But apparently, tame them down we will. In what seems like a five second quarterback huddle, I’m informed of the game plan. We’re going to be cutting a pair—which means isolating a black momma and her babyfrom an unruly harem of some tough-looking brown broads, who are even now glaring at me unnervingly, as if to say: “I’d sooner trample you flat as look at you.”

I’m ready to plead my case. After all, the only thing I’ve ever “cut” on horseback is a jump or errant water bucket…okay, maybe a feeding trough or two—admittedly by accident. He can’t really be serious. I mean, do I look like Roy Rogers? Does the black nag I’m riding look ready to rear up on cue like Trigger?

But if I’m displaying any signs of nervous angst, he seems to be unaware of it. Instead, he sizes up the competition from a safe distance and removes a small tin from his shirt pocket, which he proceeds to whack methodically against the palm of his hand. His horse looks up hopefully.

“Naw, you’re too young for Copenhagen,” he tells the disappointed creature. He selects a chaw with the precise pincher movement of thumb and forefinger  before depositing the stash somewhere way back in the recesses of his mouth.

The dogs snarl and begin to move in.

“Back Shandy, wait!” he commands sharply.

And before I can count to three we’re moving in on the cattle. His mare quickly demonstrates why Quarter Horses are affectionately known as “sleepy little critters who can unwind like lightenin’ ” as she throws her weight in front of the brown cows and then commences to deftly zig-zag in front of them. My mare acts with far more expertise than I’m capable of, pinning her ears and gunning for the black mother and baby.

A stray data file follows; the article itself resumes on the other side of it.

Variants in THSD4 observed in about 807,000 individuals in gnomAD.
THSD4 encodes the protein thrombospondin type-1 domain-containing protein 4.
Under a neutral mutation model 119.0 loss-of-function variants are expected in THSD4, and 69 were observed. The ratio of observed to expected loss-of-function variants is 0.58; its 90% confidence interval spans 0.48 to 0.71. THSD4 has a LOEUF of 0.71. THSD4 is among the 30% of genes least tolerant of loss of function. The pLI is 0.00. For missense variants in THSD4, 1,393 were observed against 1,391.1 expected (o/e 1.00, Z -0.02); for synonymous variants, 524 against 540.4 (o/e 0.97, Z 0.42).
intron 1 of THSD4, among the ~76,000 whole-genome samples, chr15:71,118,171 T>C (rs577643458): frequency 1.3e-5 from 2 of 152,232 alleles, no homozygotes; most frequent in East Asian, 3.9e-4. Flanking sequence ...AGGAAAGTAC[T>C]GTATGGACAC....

They escape anyway.

We take a short break and I weakly suggest that I abstain from any further attempts.

“Why don’t I just park myself over here?” I ask hopefully.

“No, no. This is a learning opportunity. Take any opportunity to learn,” he tells me with a no-nonsense jerk of his head. And before I can say “ooh cows” we’re off again.

This time we manage to isolate the black pair, though I’m not really certain how. I’m pretty sure he’s somehow managed to finagle it (while driving the others out simultaneously) while I’d foolishly meandered about like a brain-damaged polo player on a braying donkey, but if all the credit is his, he’s not about to take it.

“There, see. We got the job done. And in case you were wondering, it would’ve gone the same way if you’d been riding my mare and I’d been riding yours,” he tells me cryptically.

I decide he’s right: he would have done the job just as well—that is to say, on either horse and without my gutless assistance—but just as quickly realize that, once again, I’ve utterly missed the point of the exercise. As we’re herding the cattle back to the trailer, the words of my phantom idol Big Hat came wafting back like a gentle, long-lost friend.